cent loveinakicg at tho end. However
at the end the different threads ure all
drawn together and tied and the hero
and heroine aro the knot. Clementina's
lovemaking might set tho gallery to
laughing. Two lonesome, aged lovers
are fun for the gallery, and their jeers
would ruin the delicate work of tho
"Rob Roy' played to a moderate
hotiBa at tho Funks on Monday night.
DeKoven has been accused of plagiar
ism so often that it has has come to
pass that a western critic dare not say
"I have heard that before'' when listen
ing toone of his operas for fear of being
called another himself. It is so easy to
say what all the rest say. Yet when ho
wrote "Rob Roy" DeKoveu's faculty or
assimilating other men's operas and
the national airs of all countries was in
perfect working order. On Monday
night, The Chimes of Normandy, Faust
and Scotch ballads appeared and reap
peared like ghosts or resemblances to
friends on strange faces.
If Gilbert and Sullivan or the ma n
who wrote Faust want their tunes from
"Rob Roy" they can can apply for a
habeas corpus for the DeKoven
has taken the Dungeon song and
the Daisy song almost bod
ily. Tho Scotch ballads wero
harder to place. Somo of tho choruses
began with "Coming thro' tho Rye" and
ended with "The Campbells Are Com
ing" and so on. But at least it is pleas
ant to be reminded of old friends and
"Rob Roy" is full of reminders.
The costumes were gay and graceful,
the voices wefo not of tho best, and the
acting was amateurish to an objection
"The Girl I Left Behind Me" played
to poor business at the Lansing on
Wednesday night. The play is a fine
piece of construction, the climaxes in
every scene are Btrong, and the situa
tions are interesting if not new. The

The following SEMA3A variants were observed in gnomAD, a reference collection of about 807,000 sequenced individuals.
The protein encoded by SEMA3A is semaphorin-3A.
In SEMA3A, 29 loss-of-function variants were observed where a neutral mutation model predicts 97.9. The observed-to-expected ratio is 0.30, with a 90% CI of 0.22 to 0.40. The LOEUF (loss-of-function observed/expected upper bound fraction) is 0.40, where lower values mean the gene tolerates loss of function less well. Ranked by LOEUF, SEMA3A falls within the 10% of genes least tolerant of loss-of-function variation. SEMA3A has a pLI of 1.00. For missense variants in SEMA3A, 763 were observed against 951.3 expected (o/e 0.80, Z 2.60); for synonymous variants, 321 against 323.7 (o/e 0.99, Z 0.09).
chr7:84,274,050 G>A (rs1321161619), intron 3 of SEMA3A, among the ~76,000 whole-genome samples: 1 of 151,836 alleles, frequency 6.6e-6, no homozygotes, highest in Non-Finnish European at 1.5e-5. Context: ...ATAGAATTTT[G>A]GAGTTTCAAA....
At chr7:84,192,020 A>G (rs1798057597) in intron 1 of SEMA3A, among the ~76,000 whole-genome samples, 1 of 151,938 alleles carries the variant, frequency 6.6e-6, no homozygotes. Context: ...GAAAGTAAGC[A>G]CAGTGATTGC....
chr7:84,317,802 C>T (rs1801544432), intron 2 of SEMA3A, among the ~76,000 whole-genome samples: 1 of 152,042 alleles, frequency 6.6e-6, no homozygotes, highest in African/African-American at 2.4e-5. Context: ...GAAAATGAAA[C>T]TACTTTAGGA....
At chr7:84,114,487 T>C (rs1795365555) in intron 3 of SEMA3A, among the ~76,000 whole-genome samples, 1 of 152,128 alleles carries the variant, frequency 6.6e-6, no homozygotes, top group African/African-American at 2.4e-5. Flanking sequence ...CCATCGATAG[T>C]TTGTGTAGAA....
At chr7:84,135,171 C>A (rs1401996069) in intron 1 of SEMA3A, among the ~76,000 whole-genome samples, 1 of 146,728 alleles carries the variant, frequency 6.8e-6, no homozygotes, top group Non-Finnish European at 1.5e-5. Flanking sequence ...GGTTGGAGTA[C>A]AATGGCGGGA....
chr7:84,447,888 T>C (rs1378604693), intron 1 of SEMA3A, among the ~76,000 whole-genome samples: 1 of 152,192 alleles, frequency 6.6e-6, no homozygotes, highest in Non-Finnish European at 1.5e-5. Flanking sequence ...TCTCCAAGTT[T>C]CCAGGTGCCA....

company wsb poor, and tho play was
left to conquer by its own merits. Tho
stockade 6cene, where the beleagured
whites wait for death at the bauds of
fanatical Indians, would be thrilling if
played by stuffed men anil women. So
much is indicated by the noiso of tho
chant the approaching Indians sing and
the drum they beat. All the stories of
Indian torture and outrage wo have
ever heard are recalled by the drum
and the actors need only to read their
lines to be apprehended, and that is all
they did do. The sign mark of inferior
ity is unintelligble enunciation, and
only two of "Tho Girl I
Left Behind Mo" company could
be understood, and they wero
the Indian and Irishman. Tho Indian,
William Lee, was well made up and
produced an Indian effect, technically,
o called. His was a character sketch
showing conscientious 6tudv of his
ujuuti, in voice, acuon, race and reeliDg.
If it had not been for Scar Brow and
the play the company would havo left
an unsatisfied audience. As it was
they went home discussing tho Indian
JOHN DOWDEX, Jr., Manager.
One Night Only,
Tuesday, December 8.
AMERICA'S FAVORITE COMEDIAN,
In His katest edition of the
Of sweet singers
Of pretty girls
Of funny comedians
Of clever dancers
Of merry makers
A wealth of 6cenic accessories. The fairy forest. The bazaar of wonders.
The garden of mushrooms. The dance of fasions. The gates of tho moon.
Prioesl,00,75c, SOc, 25c
Seats on salo Saturday morning, 10 a. m., at theatre box office.
Get seats early.
1131 O Street
FRANK C. ZEHRUNG ' Manager.
UNIFORMED BRASS BAND.
pftfTOH COKW CO.
The Ariadne of Comedy
Tho Character Actor,
And a Strong Supporting Co.
THE PAY TRAIN.
Permission of DittmerBros.
THE CAPTAIN'S MATE.
Permission ot Dittmer Bros.
A MIDNIGHT CALL.
Permission of Wm. Rightmire.
THE GOLDEN GIANT.
Permission of Howard & Doyle.
Permission of John A. Stevens.
Permission of Carrie Louis.
A car load of special Scenery Carried
for these productions.
Elegant Special iaper from The
bpectacular Extravaganza, " '
... -the funniest
KNTIRE NEW REPERTOIRE
OF PLAYS - - .
foADIES FREE MONDAY
If reserved before C p. m. Seats on
sale Friday, December A.
10, 20 and 30c